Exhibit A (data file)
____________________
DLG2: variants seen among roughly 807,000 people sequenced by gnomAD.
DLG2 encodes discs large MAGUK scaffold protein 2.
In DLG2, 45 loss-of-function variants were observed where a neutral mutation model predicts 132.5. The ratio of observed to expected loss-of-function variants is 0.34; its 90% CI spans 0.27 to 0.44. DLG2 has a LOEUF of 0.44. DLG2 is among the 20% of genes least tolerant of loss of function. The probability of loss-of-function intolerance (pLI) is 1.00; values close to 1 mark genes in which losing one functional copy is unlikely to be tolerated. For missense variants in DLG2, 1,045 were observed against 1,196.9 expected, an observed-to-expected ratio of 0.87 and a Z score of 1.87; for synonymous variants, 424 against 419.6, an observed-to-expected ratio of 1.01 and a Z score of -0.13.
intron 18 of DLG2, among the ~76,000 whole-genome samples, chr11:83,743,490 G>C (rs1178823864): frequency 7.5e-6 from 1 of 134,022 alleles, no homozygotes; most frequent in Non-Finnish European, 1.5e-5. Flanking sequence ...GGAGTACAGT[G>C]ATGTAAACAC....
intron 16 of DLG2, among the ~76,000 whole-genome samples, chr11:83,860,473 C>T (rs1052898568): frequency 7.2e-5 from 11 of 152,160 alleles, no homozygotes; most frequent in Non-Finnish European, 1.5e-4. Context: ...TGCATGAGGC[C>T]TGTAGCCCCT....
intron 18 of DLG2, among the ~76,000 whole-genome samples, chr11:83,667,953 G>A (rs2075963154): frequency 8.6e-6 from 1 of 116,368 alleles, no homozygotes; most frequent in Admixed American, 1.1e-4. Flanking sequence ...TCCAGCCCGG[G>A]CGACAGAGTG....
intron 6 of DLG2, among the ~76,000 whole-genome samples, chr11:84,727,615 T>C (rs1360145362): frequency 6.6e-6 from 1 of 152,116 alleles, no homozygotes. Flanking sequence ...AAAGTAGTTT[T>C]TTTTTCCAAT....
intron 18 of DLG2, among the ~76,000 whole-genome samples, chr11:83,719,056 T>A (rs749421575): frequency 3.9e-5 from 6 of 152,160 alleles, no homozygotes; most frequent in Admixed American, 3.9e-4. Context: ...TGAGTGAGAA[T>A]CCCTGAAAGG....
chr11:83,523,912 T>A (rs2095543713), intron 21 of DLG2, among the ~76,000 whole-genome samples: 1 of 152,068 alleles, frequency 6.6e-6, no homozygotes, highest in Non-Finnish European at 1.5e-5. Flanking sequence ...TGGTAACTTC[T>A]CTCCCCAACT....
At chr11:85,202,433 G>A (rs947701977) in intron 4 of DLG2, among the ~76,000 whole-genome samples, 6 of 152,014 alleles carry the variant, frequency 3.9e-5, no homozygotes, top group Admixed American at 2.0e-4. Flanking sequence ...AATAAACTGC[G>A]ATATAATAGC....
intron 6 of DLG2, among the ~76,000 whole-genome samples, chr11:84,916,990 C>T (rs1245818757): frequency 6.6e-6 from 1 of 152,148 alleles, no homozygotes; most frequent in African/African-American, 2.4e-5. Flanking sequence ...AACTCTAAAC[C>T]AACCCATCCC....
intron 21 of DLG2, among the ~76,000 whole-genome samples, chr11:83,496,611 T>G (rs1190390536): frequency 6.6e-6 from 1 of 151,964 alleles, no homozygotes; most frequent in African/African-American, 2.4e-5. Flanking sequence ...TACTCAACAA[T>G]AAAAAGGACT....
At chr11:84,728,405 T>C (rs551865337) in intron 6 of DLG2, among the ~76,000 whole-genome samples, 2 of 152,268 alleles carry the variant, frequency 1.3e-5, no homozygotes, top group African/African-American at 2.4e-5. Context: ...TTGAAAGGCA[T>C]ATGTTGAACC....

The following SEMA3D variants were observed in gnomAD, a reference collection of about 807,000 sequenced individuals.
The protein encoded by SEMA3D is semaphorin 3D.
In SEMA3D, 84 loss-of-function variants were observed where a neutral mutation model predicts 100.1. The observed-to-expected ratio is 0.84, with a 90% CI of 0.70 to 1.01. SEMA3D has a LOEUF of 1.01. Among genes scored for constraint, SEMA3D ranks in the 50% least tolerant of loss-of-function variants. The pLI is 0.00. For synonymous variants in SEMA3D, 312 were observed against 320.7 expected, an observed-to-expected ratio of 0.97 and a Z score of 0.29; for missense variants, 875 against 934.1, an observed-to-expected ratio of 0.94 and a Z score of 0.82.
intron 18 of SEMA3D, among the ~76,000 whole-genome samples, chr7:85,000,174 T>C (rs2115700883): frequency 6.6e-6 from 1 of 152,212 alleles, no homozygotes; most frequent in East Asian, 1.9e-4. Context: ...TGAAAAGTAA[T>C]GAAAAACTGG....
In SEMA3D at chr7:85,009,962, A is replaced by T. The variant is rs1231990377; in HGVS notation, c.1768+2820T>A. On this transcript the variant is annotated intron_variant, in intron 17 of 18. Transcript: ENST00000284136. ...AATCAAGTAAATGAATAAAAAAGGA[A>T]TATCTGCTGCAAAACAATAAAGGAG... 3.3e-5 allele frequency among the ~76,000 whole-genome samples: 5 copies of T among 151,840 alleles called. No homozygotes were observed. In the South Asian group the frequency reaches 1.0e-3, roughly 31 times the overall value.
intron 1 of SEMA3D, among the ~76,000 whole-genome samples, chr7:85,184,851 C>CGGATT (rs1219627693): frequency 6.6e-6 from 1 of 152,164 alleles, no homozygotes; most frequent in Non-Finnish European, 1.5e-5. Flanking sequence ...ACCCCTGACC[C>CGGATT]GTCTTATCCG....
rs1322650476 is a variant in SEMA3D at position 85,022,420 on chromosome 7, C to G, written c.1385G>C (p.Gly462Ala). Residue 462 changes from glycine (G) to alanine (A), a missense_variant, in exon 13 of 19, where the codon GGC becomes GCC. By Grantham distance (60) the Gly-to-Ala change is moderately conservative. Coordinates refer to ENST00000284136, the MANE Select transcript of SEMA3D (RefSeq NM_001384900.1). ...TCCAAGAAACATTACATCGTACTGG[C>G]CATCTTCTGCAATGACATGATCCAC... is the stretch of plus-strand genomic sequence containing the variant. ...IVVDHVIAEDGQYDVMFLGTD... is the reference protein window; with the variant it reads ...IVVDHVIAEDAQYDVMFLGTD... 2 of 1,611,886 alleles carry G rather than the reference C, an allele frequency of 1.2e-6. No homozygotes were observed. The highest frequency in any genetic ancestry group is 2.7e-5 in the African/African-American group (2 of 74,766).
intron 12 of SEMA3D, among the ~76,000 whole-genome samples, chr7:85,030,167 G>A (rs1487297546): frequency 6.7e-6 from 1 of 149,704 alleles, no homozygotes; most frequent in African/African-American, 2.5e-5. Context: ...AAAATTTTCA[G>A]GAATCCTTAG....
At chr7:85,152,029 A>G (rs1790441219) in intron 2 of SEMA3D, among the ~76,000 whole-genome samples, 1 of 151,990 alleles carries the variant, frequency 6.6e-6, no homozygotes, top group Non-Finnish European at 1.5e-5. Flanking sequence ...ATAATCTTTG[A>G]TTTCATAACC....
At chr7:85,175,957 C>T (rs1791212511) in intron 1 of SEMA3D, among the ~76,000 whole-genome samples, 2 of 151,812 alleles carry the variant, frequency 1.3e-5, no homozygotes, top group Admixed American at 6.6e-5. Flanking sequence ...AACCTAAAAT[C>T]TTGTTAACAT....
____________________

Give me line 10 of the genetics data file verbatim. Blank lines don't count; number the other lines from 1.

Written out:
At chr11:85,202,433 G>A (rs947701977) in intron 4 of DLG2, among the ~76,000 whole-genome samples, 6 of 152,014 alleles carry the variant, frequency 3.9e-5, no homozygotes, top group Admixed American at 2.0e-4. Flanking sequence ...AATAAACTGC[G>A]ATATAATAGC....